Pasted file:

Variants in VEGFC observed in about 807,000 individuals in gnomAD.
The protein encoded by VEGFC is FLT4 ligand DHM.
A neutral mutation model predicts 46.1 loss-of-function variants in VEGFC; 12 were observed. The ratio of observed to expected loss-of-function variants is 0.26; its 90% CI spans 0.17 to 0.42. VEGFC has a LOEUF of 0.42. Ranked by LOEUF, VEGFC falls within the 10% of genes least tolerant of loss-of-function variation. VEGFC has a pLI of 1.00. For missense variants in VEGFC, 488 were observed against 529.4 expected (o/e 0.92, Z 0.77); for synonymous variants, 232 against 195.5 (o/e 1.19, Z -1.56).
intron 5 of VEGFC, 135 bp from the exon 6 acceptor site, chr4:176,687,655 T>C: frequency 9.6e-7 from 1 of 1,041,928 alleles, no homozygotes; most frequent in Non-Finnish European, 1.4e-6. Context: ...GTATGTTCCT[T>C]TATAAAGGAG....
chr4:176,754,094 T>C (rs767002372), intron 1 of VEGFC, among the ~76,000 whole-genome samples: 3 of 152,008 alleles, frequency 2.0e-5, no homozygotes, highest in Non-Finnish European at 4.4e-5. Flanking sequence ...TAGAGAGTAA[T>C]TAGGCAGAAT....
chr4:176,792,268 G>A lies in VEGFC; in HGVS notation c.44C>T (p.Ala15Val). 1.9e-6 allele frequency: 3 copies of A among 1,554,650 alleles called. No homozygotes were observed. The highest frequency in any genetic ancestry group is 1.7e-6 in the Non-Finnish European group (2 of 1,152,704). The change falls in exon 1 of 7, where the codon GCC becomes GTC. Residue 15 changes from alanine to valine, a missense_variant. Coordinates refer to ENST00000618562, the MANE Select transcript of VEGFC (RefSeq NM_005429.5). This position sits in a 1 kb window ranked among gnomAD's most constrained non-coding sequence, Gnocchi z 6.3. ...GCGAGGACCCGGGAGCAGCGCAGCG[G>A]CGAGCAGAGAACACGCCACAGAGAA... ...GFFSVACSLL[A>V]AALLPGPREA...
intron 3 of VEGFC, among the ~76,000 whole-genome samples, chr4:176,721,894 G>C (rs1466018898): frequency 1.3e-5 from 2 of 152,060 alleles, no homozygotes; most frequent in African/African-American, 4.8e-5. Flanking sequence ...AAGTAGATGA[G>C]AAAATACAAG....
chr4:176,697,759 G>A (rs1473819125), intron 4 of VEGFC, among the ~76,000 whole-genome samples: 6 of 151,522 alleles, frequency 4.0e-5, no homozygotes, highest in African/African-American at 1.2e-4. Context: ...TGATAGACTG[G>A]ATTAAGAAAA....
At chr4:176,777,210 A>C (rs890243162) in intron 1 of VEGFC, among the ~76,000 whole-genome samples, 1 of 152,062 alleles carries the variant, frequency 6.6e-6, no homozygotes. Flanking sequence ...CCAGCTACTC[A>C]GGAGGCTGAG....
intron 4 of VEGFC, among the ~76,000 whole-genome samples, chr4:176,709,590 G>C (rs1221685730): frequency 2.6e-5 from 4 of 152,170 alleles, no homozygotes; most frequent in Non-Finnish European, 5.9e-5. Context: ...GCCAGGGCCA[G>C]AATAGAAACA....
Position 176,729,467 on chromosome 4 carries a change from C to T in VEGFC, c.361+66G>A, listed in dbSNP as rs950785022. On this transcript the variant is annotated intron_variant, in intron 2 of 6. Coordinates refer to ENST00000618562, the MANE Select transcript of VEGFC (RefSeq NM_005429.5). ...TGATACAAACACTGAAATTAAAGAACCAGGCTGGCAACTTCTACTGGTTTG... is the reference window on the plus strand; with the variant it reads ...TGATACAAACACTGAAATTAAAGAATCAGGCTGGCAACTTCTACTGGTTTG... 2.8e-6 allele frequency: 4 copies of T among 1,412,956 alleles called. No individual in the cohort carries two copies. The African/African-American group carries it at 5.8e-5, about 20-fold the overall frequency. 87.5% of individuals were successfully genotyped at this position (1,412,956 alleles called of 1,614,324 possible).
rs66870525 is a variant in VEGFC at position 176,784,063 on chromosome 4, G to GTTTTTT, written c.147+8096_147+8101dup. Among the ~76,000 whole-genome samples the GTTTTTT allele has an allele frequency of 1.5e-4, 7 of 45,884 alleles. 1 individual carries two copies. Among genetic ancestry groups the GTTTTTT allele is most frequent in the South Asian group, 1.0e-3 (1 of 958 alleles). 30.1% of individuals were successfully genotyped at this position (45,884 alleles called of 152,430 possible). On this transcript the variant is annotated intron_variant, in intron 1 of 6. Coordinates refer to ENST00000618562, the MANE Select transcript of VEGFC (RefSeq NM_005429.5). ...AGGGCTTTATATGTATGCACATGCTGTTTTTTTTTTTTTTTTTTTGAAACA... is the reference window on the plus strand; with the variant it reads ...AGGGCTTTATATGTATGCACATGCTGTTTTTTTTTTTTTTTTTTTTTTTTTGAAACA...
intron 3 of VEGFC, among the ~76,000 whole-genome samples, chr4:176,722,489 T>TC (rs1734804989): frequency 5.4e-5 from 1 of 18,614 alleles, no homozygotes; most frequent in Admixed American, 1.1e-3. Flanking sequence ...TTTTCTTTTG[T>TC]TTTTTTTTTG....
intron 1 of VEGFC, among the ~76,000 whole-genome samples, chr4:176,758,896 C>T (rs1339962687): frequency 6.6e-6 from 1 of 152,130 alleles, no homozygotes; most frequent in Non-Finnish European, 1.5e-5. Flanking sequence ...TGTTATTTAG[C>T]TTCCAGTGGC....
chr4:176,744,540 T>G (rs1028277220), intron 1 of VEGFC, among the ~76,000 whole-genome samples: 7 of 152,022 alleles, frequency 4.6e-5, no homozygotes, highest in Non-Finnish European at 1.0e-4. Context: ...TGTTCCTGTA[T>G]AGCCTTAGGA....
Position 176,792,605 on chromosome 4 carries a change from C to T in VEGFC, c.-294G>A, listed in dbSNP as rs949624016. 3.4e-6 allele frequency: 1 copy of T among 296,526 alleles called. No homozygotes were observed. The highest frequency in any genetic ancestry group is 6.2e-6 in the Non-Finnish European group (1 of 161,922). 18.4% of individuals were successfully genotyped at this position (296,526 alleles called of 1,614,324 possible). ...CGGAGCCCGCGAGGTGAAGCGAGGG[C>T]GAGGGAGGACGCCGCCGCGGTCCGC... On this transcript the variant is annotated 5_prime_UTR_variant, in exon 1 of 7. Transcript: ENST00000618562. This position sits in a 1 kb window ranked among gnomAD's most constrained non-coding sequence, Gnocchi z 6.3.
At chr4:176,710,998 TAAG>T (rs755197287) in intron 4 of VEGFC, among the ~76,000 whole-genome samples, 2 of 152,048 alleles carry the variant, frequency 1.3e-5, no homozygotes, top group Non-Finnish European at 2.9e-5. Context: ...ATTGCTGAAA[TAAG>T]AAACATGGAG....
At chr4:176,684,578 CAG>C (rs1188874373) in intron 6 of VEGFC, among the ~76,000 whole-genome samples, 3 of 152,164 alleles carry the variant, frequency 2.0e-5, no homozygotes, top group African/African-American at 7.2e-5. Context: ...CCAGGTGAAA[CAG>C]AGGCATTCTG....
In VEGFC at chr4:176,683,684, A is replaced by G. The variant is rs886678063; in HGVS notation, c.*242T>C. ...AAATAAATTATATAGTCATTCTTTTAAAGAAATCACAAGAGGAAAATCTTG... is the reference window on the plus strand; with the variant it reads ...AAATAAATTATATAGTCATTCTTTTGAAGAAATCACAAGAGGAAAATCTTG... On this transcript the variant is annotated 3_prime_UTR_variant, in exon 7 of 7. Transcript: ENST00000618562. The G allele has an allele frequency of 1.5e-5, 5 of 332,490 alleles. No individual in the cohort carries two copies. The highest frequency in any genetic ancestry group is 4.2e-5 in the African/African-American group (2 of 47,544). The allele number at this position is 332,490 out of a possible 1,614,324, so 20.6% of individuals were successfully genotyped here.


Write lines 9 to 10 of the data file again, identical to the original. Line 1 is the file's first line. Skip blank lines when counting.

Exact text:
At chr4:176,777,210 A>C (rs890243162) in intron 1 of VEGFC, among the ~76,000 whole-genome samples, 1 of 152,062 alleles carries the variant, frequency 6.6e-6, no homozygotes. Flanking sequence ...CCAGCTACTC[A>C]GGAGGCTGAG....
intron 4 of VEGFC, among the ~76,000 whole-genome samples, chr4:176,709,590 G>C (rs1221685730): frequency 2.6e-5 from 4 of 152,170 alleles, no homozygotes; most frequent in Non-Finnish European, 5.9e-5. Context: ...GCCAGGGCCA[G>C]AATAGAAACA....